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High Mississippi River Halts French Quarter Road Construction

Ashley Dean
The Mississippi River in New Orleans, as seen from Crescent Park. March 19, 2020.

The full reconstruction of the 800 block of St. Ann Street in the French Quarter has come to a halt, the City of New Orleans announced today.

The work stoppage is due to the high level of the Mississippi River a few blocks away, according to a statement from the city’s Department of Public Works.

As the river rises, the Army Corps of Engineers and local levee boards begin taking several precautions to ensure the structural integrity of the river levees. When the level reaches 11 feet at the Carrollton Gage, located on the Army Corps campus in Uptown New Orleans, all subsurface construction must stop within 1,500 feet of the river levees, unless a waiver is granted by the Corps.

Once the river reaches 15 feet at the Carrollton Gage, as it did Wednesday, subsurface construction must stop completely.

According to the release from the city, construction barriers will remain in place, and the street will remain closed to vehicular traffic.

The project was slated to be completed in late June or early July, depending on the weather. Construction may resume when the river level falls below 15 feet. According to the current forecast, that won’t be for more than a month.

The river is currently expected to reach a peak of 16.5 feet on April 11, before slowly receding. The Corps does not currently expect to open the Bonnet Carre Spillway, which is used as a release valve, to divert flood water into Lake Pontchartrain.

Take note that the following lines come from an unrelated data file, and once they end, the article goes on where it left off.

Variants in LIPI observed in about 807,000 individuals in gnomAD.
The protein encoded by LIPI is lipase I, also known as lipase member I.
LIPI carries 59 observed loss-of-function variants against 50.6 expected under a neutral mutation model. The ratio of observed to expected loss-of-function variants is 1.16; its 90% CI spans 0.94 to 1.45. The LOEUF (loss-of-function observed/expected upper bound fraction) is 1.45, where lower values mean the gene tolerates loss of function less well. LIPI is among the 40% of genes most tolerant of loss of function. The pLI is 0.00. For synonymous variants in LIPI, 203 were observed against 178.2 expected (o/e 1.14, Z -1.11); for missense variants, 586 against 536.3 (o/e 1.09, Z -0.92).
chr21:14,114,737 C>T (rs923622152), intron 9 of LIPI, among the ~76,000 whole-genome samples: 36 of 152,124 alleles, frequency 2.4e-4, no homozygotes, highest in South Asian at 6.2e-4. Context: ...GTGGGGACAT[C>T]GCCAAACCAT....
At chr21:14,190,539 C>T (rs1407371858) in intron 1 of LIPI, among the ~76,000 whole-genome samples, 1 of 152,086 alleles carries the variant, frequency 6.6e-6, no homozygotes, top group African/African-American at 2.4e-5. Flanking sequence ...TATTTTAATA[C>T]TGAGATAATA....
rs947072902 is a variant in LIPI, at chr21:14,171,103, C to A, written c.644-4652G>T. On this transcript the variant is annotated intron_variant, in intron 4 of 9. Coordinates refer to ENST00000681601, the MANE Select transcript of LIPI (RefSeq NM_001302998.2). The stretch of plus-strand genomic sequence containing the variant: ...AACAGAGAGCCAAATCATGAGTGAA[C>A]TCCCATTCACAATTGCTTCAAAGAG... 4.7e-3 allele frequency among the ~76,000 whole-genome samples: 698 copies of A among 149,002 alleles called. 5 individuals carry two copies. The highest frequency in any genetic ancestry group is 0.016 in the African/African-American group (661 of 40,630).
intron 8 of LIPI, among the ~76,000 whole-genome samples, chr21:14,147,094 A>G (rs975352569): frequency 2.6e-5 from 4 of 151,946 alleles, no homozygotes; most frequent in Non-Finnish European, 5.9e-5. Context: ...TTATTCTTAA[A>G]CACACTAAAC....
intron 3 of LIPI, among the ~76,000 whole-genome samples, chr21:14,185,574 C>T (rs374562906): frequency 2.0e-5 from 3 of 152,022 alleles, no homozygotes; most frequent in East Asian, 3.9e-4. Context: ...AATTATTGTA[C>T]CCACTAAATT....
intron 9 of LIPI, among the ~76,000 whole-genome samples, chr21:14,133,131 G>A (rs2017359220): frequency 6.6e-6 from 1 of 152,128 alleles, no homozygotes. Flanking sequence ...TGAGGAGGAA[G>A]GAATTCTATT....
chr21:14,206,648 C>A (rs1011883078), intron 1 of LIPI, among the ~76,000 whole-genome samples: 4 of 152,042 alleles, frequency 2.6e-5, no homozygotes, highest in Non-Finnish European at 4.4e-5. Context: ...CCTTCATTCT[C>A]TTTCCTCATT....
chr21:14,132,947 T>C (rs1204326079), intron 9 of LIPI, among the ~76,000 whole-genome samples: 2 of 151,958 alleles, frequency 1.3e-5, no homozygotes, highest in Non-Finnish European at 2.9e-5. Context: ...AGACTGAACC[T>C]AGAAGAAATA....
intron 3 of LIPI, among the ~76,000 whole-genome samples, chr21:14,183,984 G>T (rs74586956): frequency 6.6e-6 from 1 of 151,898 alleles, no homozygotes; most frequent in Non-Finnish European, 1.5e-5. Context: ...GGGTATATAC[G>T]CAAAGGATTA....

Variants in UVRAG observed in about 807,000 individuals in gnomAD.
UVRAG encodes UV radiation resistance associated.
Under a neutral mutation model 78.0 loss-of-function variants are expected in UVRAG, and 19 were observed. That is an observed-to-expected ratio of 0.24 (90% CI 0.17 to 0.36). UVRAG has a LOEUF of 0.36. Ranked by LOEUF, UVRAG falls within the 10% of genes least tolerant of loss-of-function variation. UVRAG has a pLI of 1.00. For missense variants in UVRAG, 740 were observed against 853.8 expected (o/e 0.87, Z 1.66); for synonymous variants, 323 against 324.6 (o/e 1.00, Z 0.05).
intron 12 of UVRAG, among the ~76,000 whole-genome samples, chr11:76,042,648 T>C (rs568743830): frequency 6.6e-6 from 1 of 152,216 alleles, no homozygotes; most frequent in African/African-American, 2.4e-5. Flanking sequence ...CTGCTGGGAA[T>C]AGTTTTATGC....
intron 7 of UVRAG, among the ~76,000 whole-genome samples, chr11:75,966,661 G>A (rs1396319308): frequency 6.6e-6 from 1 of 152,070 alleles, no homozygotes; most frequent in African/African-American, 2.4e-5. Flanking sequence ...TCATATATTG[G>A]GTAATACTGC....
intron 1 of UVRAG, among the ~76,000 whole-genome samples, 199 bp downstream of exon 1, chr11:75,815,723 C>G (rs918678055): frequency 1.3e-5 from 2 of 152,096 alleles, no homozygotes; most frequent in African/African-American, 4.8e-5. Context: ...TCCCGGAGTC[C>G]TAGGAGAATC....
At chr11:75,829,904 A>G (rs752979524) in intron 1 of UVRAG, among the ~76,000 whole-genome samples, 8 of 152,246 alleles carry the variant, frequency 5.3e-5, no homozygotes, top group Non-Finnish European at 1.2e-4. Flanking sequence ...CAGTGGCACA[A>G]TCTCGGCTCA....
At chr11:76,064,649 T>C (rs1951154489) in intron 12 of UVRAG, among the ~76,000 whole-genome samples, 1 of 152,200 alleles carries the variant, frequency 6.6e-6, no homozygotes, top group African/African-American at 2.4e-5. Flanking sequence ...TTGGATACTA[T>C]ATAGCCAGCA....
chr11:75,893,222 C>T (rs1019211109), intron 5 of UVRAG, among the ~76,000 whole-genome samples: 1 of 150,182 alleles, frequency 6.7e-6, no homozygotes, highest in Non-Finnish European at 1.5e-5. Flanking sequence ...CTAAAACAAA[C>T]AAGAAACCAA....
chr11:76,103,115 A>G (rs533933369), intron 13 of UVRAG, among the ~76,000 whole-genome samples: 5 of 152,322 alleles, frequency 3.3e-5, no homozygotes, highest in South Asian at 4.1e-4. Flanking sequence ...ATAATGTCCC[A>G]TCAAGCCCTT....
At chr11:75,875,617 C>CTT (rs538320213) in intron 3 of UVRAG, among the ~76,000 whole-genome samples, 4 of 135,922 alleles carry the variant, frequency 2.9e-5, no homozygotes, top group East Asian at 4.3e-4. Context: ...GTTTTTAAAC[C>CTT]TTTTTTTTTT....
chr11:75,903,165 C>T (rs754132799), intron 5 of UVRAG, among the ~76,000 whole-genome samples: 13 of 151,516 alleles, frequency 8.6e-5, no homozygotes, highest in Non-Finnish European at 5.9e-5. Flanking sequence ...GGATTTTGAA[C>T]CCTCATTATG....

Support for the Coastal Desk comes from the Greater New Orleans Foundation and the Walton Family Foundation. 

As Coastal Reporter, Travis Lux covers flood protection, coastal restoration, infrastructure, the energy and seafood industries, and the environment. In this role he's reported on everything from pipeline protests in the Atchafalaya swamp, to how shrimpers cope with low prices. He had a big hand in producing the series, New Orleans: Ready Or Not?, which examined how prepared New Orleans is for a future with more extreme weather. In 2017, Travis co-produced two episodes of TriPod: New Orleans at 300 examining New Orleans' historic efforts at flood protection. One episode, NOLA vs Nature: The Other Biggest Flood in New Orleans History, was recognized with awards from the Public Radio News Directors and the New Orleans Press Club. His stories often find a wider audience on national programs, too, like NPR's Morning Edition, WBUR's Here and Now, and WHYY's The Pulse.

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